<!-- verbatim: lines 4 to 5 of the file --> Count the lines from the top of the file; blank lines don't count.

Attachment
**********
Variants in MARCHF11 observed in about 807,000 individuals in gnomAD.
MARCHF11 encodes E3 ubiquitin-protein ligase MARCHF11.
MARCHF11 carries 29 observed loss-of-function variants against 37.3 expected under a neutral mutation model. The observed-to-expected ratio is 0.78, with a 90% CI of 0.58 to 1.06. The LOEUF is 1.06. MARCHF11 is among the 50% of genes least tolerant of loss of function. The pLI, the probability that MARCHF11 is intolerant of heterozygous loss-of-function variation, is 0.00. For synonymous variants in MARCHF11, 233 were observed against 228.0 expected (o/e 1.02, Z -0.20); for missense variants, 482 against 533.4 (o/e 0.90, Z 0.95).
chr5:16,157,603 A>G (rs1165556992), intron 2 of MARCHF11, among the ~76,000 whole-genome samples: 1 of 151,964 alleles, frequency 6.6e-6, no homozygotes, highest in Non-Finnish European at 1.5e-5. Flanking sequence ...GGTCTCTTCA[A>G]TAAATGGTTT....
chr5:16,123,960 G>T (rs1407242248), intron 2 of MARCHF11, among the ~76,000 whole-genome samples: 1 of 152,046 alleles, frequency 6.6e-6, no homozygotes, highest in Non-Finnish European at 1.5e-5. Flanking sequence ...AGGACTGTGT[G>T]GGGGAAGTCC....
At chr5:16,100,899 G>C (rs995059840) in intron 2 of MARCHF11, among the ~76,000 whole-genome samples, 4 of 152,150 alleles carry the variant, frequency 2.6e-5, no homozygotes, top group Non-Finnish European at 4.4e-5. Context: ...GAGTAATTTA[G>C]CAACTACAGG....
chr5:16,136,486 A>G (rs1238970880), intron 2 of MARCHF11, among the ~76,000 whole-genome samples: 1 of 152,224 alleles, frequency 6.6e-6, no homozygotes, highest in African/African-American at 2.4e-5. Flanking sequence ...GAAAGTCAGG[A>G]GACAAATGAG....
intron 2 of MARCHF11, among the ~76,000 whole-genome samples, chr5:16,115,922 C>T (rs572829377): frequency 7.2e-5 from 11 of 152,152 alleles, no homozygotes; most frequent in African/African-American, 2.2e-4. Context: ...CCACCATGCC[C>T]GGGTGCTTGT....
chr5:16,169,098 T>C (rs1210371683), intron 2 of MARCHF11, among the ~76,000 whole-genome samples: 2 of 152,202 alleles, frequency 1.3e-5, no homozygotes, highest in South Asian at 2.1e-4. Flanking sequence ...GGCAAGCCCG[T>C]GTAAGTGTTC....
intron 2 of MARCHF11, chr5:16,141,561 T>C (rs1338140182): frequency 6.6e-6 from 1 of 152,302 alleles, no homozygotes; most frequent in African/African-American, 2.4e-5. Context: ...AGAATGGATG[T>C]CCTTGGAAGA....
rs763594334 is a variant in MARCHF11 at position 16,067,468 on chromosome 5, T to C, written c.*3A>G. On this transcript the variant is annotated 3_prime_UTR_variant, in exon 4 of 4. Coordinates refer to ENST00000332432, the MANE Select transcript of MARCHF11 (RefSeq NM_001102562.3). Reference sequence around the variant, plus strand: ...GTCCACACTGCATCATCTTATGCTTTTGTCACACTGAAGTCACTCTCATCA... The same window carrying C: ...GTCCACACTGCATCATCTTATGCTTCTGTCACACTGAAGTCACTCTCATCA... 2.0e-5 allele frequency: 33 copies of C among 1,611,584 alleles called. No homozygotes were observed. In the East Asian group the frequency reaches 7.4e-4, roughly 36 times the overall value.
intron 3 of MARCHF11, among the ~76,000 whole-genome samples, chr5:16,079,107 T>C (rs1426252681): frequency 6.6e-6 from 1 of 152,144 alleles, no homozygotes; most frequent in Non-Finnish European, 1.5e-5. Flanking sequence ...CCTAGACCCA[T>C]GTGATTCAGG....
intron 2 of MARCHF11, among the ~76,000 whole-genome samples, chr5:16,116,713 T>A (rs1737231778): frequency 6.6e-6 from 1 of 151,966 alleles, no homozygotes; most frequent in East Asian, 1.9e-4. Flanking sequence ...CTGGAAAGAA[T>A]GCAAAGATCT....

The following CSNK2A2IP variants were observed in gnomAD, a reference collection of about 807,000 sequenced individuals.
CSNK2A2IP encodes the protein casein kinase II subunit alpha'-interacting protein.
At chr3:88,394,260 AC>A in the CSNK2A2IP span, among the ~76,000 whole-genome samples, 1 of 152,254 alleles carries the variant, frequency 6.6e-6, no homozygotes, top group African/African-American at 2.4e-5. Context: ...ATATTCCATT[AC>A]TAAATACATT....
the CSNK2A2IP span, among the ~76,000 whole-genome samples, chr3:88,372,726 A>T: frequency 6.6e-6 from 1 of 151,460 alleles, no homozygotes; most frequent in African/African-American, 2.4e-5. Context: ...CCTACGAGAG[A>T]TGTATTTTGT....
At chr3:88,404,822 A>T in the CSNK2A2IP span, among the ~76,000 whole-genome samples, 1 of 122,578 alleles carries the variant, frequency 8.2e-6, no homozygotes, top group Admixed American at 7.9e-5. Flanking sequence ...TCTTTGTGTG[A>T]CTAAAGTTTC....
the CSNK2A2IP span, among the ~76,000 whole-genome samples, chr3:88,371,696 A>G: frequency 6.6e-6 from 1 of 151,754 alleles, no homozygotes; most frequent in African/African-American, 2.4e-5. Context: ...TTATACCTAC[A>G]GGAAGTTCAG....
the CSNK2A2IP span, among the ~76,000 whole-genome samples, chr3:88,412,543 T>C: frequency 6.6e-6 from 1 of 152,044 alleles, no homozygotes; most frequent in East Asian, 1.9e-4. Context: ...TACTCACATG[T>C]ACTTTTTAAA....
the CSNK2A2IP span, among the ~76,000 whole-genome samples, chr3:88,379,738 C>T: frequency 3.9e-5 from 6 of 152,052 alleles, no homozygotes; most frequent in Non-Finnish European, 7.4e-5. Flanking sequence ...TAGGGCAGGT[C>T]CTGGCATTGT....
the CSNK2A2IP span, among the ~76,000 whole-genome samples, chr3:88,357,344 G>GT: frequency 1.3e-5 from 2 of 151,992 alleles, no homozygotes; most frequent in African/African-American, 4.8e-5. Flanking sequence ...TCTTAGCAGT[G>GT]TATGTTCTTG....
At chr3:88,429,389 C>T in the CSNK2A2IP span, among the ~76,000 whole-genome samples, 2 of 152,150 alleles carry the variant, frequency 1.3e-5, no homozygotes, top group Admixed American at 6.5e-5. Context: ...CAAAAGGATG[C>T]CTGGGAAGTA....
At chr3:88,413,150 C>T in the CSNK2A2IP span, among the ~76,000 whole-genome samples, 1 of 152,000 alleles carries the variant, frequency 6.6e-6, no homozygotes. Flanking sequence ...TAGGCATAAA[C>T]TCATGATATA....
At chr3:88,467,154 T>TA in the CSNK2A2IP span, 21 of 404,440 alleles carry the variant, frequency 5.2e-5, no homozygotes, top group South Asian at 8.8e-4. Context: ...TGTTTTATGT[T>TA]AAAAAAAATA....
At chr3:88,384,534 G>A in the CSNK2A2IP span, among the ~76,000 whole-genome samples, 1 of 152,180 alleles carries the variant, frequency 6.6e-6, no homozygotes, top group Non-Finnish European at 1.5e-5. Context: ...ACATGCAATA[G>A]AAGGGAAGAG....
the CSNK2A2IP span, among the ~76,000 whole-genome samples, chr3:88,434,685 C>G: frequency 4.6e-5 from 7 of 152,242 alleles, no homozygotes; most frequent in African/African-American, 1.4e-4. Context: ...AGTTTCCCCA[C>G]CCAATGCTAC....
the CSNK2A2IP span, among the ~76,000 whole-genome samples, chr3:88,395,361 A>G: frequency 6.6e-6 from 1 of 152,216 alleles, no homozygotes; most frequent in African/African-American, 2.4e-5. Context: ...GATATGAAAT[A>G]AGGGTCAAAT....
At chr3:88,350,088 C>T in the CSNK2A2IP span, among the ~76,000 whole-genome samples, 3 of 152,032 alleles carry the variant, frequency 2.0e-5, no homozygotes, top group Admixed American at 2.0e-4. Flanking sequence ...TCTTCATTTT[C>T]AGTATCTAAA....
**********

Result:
chr5:16,157,603 A>G (rs1165556992), intron 2 of MARCHF11, among the ~76,000 whole-genome samples: 1 of 151,964 alleles, frequency 6.6e-6, no homozygotes, highest in Non-Finnish European at 1.5e-5. Flanking sequence ...GGTCTCTTCA[A>G]TAAATGGTTT....
chr5:16,123,960 G>T (rs1407242248), intron 2 of MARCHF11, among the ~76,000 whole-genome samples: 1 of 152,046 alleles, frequency 6.6e-6, no homozygotes, highest in Non-Finnish European at 1.5e-5. Flanking sequence ...AGGACTGTGT[G>T]GGGGAAGTCC....